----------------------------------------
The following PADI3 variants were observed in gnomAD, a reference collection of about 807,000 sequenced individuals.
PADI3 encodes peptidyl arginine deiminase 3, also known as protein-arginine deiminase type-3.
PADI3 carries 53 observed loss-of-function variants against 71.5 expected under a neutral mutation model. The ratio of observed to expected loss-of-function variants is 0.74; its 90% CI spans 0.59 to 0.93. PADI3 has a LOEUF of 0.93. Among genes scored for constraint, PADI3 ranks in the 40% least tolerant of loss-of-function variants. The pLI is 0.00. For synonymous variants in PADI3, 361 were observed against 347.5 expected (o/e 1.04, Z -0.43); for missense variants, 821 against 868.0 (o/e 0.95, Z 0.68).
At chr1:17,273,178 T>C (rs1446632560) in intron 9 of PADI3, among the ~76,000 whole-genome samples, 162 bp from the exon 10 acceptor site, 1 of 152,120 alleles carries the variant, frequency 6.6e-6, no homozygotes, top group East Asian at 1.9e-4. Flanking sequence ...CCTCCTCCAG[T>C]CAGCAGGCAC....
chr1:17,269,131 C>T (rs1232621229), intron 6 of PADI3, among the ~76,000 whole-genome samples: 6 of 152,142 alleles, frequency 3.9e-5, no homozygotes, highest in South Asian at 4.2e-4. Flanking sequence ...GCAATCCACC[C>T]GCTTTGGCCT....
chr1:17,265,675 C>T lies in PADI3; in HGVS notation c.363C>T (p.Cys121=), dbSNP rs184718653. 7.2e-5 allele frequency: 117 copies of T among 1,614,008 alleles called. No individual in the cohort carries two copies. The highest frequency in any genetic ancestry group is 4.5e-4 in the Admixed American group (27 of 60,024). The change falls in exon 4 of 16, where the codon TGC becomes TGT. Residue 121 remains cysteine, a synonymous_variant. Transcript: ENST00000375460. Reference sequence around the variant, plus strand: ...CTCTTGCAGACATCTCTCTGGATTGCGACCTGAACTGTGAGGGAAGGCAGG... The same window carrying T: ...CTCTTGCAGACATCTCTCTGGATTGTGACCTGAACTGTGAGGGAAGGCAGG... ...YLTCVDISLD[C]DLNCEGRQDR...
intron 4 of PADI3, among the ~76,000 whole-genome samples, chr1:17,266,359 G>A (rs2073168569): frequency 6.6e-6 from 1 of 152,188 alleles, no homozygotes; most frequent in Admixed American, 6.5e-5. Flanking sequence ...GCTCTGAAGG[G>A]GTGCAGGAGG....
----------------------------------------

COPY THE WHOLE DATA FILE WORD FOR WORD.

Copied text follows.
The following PADI3 variants were observed in gnomAD, a reference collection of about 807,000 sequenced individuals.
PADI3 encodes peptidyl arginine deiminase 3, also known as protein-arginine deiminase type-3.
PADI3 carries 53 observed loss-of-function variants against 71.5 expected under a neutral mutation model. The ratio of observed to expected loss-of-function variants is 0.74; its 90% CI spans 0.59 to 0.93. PADI3 has a LOEUF of 0.93. Among genes scored for constraint, PADI3 ranks in the 40% least tolerant of loss-of-function variants. The pLI is 0.00. For synonymous variants in PADI3, 361 were observed against 347.5 expected (o/e 1.04, Z -0.43); for missense variants, 821 against 868.0 (o/e 0.95, Z 0.68).
At chr1:17,273,178 T>C (rs1446632560) in intron 9 of PADI3, among the ~76,000 whole-genome samples, 162 bp from the exon 10 acceptor site, 1 of 152,120 alleles carries the variant, frequency 6.6e-6, no homozygotes, top group East Asian at 1.9e-4. Flanking sequence ...CCTCCTCCAG[T>C]CAGCAGGCAC....
chr1:17,269,131 C>T (rs1232621229), intron 6 of PADI3, among the ~76,000 whole-genome samples: 6 of 152,142 alleles, frequency 3.9e-5, no homozygotes, highest in South Asian at 4.2e-4. Flanking sequence ...GCAATCCACC[C>T]GCTTTGGCCT....
chr1:17,265,675 C>T lies in PADI3; in HGVS notation c.363C>T (p.Cys121=), dbSNP rs184718653. 7.2e-5 allele frequency: 117 copies of T among 1,614,008 alleles called. No individual in the cohort carries two copies. The highest frequency in any genetic ancestry group is 4.5e-4 in the Admixed American group (27 of 60,024). The change falls in exon 4 of 16, where the codon TGC becomes TGT. Residue 121 remains cysteine, a synonymous_variant. Transcript: ENST00000375460. Reference sequence around the variant, plus strand: ...CTCTTGCAGACATCTCTCTGGATTGCGACCTGAACTGTGAGGGAAGGCAGG... The same window carrying T: ...CTCTTGCAGACATCTCTCTGGATTGTGACCTGAACTGTGAGGGAAGGCAGG... ...YLTCVDISLD[C]DLNCEGRQDR...
intron 4 of PADI3, among the ~76,000 whole-genome samples, chr1:17,266,359 G>A (rs2073168569): frequency 6.6e-6 from 1 of 152,188 alleles, no homozygotes; most frequent in Admixed American, 6.5e-5. Flanking sequence ...GCTCTGAAGG[G>A]GTGCAGGAGG....